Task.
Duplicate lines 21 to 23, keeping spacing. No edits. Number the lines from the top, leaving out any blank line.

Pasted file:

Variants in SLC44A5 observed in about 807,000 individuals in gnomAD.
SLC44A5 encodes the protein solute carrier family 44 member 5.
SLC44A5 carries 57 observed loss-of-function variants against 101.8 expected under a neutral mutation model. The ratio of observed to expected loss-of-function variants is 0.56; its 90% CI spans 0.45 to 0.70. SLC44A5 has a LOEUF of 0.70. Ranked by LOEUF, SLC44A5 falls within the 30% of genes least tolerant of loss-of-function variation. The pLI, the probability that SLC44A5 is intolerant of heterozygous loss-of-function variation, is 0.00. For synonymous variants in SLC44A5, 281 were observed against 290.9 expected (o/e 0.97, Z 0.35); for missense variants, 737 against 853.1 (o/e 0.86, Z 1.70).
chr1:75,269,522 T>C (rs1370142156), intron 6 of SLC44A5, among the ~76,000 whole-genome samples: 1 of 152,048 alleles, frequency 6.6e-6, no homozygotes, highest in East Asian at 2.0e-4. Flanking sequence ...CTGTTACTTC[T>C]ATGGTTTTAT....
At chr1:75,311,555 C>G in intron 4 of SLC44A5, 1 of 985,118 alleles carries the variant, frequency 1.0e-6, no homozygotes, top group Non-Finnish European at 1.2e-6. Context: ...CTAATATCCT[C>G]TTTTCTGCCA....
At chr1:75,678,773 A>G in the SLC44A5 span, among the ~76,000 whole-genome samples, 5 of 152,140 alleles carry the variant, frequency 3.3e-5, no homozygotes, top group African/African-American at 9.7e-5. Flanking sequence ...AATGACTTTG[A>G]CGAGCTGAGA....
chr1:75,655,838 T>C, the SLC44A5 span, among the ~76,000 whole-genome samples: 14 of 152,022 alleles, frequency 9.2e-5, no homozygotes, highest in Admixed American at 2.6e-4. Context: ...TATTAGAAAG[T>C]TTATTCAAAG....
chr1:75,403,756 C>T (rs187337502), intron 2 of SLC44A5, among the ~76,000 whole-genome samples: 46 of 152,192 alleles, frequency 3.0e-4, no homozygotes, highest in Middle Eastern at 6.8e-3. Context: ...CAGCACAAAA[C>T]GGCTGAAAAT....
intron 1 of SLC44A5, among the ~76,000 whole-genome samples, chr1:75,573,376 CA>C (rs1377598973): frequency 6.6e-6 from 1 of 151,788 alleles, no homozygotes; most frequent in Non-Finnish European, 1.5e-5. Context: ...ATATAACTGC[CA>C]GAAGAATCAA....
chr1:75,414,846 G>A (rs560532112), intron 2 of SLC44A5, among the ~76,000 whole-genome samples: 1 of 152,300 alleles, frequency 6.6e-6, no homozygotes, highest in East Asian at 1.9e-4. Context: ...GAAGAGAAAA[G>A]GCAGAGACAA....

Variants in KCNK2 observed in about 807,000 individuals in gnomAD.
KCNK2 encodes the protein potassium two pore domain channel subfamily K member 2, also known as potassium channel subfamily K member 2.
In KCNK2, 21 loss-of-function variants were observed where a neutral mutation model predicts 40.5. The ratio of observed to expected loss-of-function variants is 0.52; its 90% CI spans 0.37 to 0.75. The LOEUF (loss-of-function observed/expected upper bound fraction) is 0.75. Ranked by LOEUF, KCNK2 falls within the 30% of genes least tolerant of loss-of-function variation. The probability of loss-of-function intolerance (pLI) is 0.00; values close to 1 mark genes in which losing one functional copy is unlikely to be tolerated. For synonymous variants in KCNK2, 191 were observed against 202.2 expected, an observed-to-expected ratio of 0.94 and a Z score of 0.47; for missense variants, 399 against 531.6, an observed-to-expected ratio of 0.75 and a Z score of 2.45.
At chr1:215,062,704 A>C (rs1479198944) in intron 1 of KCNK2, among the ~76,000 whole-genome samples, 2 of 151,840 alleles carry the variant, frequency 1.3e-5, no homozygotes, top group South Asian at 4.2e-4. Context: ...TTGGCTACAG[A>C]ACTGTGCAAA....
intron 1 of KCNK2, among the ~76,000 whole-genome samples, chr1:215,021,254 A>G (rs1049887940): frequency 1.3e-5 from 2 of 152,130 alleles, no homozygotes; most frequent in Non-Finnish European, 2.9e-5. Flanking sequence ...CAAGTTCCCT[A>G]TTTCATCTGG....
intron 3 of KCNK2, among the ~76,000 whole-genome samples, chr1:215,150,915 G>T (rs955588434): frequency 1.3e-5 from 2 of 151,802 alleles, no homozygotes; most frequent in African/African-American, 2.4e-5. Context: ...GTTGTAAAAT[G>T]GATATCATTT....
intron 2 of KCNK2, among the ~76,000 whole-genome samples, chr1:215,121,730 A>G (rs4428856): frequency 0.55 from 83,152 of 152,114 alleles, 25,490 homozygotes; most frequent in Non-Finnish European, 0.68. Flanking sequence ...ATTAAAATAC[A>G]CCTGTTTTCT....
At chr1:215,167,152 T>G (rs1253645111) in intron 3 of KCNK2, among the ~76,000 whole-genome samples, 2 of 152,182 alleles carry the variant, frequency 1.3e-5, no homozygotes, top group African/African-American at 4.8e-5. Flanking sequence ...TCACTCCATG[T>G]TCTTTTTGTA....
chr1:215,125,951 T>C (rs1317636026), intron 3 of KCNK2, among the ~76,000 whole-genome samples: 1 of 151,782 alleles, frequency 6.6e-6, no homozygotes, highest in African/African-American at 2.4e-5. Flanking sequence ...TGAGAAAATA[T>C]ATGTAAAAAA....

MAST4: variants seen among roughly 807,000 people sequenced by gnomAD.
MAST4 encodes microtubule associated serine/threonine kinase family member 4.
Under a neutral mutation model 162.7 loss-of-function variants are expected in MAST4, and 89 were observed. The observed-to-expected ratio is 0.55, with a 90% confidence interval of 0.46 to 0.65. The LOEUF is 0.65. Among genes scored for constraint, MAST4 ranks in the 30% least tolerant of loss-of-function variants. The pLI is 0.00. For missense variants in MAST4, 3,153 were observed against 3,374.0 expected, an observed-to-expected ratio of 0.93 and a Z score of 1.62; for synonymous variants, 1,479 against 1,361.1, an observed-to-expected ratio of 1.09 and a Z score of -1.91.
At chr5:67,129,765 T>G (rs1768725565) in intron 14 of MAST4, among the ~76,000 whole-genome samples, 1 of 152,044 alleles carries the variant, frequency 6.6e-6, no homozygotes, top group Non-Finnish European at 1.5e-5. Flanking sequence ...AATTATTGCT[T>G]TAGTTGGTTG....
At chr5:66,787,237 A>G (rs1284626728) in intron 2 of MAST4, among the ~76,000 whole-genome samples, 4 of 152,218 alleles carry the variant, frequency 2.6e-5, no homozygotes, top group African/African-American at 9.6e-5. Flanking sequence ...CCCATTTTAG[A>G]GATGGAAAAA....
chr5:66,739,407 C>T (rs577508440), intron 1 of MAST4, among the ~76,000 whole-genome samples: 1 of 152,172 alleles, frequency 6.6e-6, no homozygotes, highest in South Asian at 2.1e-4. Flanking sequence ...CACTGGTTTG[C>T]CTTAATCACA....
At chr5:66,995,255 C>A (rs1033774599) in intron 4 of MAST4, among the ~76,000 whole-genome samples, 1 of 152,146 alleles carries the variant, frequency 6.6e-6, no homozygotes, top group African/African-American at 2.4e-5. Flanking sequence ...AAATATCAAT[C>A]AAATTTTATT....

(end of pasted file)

MAST4 encodes microtubule associated serine/threonine kinase family member 4.
Under a neutral mutation model 162.7 loss-of-function variants are expected in MAST4, and 89 were observed. The observed-to-expected ratio is 0.55, with a 90% confidence interval of 0.46 to 0.65. The LOEUF is 0.65. Among genes scored for constraint, MAST4 ranks in the 30% least tolerant of loss-of-function variants. The pLI is 0.00. For missense variants in MAST4, 3,153 were observed against 3,374.0 expected, an observed-to-expected ratio of 0.93 and a Z score of 1.62; for synonymous variants, 1,479 against 1,361.1, an observed-to-expected ratio of 1.09 and a Z score of -1.91.
At chr5:67,129,765 T>G (rs1768725565) in intron 14 of MAST4, among the ~76,000 whole-genome samples, 1 of 152,044 alleles carries the variant, frequency 6.6e-6, no homozygotes, top group Non-Finnish European at 1.5e-5. Flanking sequence ...AATTATTGCT[T>G]TAGTTGGTTG....